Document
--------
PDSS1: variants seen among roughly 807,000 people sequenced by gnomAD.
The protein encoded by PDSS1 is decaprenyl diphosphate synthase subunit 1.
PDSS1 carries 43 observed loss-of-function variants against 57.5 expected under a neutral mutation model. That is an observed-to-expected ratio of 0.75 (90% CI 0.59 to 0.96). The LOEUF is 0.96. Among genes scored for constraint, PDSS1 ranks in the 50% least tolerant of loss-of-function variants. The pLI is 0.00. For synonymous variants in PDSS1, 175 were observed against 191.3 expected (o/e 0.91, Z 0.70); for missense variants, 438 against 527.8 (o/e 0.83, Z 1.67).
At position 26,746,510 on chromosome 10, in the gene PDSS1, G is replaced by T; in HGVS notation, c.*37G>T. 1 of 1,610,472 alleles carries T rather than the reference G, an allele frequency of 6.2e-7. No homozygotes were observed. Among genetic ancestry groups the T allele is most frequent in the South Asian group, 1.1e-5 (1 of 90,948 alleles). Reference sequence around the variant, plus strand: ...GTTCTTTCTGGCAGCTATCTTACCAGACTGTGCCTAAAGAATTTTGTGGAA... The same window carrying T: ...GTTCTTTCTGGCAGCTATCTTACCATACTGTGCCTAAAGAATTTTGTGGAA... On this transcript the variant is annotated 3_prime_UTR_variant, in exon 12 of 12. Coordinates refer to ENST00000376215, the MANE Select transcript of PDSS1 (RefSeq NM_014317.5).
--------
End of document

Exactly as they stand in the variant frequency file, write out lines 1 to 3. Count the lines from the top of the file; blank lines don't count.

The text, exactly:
PDSS1: variants seen among roughly 807,000 people sequenced by gnomAD.
The protein encoded by PDSS1 is decaprenyl diphosphate synthase subunit 1.
PDSS1 carries 43 observed loss-of-function variants against 57.5 expected under a neutral mutation model. That is an observed-to-expected ratio of 0.75 (90% CI 0.59 to 0.96). The LOEUF is 0.96. Among genes scored for constraint, PDSS1 ranks in the 50% least tolerant of loss-of-function variants. The pLI is 0.00. For synonymous variants in PDSS1, 175 were observed against 191.3 expected (o/e 0.91, Z 0.70); for missense variants, 438 against 527.8 (o/e 0.83, Z 1.67).